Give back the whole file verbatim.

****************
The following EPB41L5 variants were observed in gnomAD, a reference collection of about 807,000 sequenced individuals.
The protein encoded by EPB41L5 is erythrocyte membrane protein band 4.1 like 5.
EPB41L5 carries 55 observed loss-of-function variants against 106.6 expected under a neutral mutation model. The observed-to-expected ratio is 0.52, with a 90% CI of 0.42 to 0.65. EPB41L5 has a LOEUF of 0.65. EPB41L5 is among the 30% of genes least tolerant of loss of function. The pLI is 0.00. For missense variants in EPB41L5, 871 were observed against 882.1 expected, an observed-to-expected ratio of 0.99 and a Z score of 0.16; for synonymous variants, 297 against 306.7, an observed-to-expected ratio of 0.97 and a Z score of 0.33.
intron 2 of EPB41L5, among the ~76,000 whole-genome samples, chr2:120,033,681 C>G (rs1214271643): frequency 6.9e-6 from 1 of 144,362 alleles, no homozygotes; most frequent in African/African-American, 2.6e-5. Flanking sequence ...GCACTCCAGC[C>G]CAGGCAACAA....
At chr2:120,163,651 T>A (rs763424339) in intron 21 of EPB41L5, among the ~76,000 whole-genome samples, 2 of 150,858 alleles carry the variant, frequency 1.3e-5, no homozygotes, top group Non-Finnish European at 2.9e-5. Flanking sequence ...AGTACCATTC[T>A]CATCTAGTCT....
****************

The following EPB41L5 variants were observed in gnomAD, a reference collection of about 807,000 sequenced individuals.
The protein encoded by EPB41L5 is erythrocyte membrane protein band 4.1 like 5.
EPB41L5 carries 55 observed loss-of-function variants against 106.6 expected under a neutral mutation model. The observed-to-expected ratio is 0.52, with a 90% CI of 0.42 to 0.65. EPB41L5 has a LOEUF of 0.65. EPB41L5 is among the 30% of genes least tolerant of loss of function. The pLI is 0.00. For missense variants in EPB41L5, 871 were observed against 882.1 expected, an observed-to-expected ratio of 0.99 and a Z score of 0.16; for synonymous variants, 297 against 306.7, an observed-to-expected ratio of 0.97 and a Z score of 0.33.
intron 2 of EPB41L5, among the ~76,000 whole-genome samples, chr2:120,033,681 C>G (rs1214271643): frequency 6.9e-6 from 1 of 144,362 alleles, no homozygotes; most frequent in African/African-American, 2.6e-5. Flanking sequence ...GCACTCCAGC[C>G]CAGGCAACAA....
At chr2:120,163,651 T>A (rs763424339) in intron 21 of EPB41L5, among the ~76,000 whole-genome samples, 2 of 150,858 alleles carry the variant, frequency 1.3e-5, no homozygotes, top group Non-Finnish European at 2.9e-5. Flanking sequence ...AGTACCATTC[T>A]CATCTAGTCT....